CROLEY, T.E., F.H. QUINN, K.E. Kunkel, and S.A. Changnon. Great Lakes hydrology under transposed climates. Climatic Change 38:405-433 (1998).

Historical climates, based on 43 years of daily data from areas south and southwest of the Great Lakes, were used to examine the hydrological response of the Great Lakes to warmer climates. The Great Lakes Environmental Research Laboratory used their conceptual models for simulating moisture storages in, and runoff from, the 121 watersheds draining into the Great Lakes, over-lake precipitation into each lake, and the heat storages in, and evaporation from, each lake. This transposition of actual climates incorporates natural changes in variability and timing within the existing climate; this is not true for General Circulation Model-generated corrections applied to existing historical data in many other impact studies. The transposed climates lead to higher and more variable over-land evapotranspiration and lower soil moisture and runoff with earlier runoff peaks since the snow pack is reduced up to 100%. Water temperatures increase and peak earlier. Heat resident in the deep lakes increases throughout the year. Bouyancy-driven water column turnover frequency drops and lake evaporation increases and spreads more throughout the annual cycle. The response of runoff to temperature and precipitation changes is coherent among the lakes and varies quasi-linearly over a wide range of temperature changes, some well beyond the range of current GCM predictions for doubled CO2 conditions.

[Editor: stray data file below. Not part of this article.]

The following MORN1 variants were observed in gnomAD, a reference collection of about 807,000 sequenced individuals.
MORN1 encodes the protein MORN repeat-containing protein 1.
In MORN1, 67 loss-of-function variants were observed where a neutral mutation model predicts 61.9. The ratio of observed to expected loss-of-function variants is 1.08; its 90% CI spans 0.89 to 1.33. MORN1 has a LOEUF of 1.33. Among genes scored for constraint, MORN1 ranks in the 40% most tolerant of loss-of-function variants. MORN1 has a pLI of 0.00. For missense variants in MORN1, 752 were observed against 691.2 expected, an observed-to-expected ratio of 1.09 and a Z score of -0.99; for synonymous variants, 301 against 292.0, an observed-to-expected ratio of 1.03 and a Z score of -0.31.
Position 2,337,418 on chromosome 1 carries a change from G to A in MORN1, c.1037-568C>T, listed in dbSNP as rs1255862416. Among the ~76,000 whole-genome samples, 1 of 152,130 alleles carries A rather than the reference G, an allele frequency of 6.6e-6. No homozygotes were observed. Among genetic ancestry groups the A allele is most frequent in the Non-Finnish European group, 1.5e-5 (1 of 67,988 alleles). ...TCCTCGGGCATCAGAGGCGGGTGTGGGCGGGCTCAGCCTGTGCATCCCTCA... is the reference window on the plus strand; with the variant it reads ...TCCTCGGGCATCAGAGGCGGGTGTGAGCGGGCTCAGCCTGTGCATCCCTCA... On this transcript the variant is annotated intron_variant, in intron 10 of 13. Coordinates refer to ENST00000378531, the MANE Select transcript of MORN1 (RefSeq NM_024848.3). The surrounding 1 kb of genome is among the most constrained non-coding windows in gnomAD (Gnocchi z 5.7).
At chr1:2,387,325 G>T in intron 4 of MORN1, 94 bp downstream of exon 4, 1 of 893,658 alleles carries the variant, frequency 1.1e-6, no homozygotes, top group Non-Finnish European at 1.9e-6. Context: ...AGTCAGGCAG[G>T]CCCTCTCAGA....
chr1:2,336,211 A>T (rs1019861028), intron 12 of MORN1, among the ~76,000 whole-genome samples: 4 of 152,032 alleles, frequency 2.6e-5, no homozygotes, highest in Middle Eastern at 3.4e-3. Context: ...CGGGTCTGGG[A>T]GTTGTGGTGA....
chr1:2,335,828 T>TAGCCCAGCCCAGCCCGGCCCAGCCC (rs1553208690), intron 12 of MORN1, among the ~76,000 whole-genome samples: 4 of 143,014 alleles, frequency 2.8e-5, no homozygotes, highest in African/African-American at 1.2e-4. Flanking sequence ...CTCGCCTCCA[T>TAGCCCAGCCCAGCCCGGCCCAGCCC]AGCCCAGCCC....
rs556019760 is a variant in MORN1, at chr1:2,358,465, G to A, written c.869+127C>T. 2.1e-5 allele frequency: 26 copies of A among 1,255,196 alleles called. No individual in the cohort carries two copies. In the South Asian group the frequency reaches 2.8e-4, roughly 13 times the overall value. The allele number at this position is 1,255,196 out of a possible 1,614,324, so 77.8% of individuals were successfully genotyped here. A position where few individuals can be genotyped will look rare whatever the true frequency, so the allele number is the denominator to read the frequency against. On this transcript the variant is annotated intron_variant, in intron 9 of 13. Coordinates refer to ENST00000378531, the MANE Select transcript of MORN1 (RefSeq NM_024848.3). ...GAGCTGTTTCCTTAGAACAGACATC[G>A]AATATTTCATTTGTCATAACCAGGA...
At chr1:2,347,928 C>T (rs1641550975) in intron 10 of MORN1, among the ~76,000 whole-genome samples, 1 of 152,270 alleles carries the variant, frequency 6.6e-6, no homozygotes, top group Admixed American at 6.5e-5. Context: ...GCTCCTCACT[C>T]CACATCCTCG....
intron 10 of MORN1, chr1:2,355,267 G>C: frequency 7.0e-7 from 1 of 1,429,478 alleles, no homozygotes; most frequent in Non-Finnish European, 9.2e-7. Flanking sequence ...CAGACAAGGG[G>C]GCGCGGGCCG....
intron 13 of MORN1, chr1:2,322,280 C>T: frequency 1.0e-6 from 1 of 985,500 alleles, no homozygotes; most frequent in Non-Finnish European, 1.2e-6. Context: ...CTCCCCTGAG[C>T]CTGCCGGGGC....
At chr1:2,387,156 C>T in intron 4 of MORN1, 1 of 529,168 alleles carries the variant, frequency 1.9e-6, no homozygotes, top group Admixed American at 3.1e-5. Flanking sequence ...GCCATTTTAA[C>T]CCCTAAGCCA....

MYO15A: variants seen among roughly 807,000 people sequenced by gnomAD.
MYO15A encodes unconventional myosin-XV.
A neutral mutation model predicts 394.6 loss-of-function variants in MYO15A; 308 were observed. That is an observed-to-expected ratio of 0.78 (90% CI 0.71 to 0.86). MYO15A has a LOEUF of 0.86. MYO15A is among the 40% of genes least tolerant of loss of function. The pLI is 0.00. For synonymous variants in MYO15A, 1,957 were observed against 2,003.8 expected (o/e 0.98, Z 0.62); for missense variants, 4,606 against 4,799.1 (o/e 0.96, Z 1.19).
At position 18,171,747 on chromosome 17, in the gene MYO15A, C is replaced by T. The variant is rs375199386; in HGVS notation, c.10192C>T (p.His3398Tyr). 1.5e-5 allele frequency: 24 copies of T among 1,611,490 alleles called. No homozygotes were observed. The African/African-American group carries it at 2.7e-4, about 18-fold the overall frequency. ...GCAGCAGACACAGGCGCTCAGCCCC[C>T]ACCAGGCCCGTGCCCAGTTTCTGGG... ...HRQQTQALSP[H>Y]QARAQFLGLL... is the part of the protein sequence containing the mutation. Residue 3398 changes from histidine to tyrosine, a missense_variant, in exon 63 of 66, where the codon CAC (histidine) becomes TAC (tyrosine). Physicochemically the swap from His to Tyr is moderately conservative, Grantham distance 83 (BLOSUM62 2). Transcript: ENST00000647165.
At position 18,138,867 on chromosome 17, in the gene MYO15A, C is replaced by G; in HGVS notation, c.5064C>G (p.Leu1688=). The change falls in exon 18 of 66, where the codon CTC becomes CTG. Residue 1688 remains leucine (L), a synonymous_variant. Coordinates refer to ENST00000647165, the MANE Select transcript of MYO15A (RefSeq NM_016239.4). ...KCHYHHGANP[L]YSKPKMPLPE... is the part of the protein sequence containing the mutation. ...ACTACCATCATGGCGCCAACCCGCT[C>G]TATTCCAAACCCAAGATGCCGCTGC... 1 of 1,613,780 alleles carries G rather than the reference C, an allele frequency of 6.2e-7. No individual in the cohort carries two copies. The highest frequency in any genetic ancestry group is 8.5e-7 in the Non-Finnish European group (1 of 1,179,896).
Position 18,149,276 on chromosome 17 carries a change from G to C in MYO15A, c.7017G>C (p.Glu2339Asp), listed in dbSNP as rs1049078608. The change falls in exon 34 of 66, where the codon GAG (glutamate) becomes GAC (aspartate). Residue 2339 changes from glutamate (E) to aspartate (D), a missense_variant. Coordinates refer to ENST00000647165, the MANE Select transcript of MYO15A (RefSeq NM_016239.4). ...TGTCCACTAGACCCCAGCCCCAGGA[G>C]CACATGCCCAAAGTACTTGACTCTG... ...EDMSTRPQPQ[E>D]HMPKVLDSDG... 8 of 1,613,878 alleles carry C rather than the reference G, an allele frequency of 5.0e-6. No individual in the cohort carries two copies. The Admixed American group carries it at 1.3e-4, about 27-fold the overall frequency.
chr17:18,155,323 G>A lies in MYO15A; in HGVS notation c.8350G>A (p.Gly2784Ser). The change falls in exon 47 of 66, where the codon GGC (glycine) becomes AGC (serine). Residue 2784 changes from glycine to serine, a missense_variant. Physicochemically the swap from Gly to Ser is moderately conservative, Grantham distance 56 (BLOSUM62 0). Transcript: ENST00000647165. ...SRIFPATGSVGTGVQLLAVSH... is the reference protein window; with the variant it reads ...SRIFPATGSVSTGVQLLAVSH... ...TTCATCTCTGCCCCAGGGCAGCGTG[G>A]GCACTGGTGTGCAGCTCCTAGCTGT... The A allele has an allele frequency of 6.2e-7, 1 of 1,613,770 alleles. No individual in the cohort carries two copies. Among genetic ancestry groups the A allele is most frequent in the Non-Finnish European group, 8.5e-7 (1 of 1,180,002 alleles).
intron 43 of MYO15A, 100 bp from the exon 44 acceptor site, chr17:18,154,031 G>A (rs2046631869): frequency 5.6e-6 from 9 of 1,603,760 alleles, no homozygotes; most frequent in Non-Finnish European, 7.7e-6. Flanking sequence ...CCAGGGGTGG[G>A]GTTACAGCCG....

Fornstrom, C.B., P.F. LANDRUM, C.P. Weisskopf, and T.W. La Point. Effects of terbufos on juvenile Red Swamp Crayfish (Procambarus clarkii): Differential routes of exposure. Environmental Toxicology and Chemistry 16(12):2514-2520 (1997).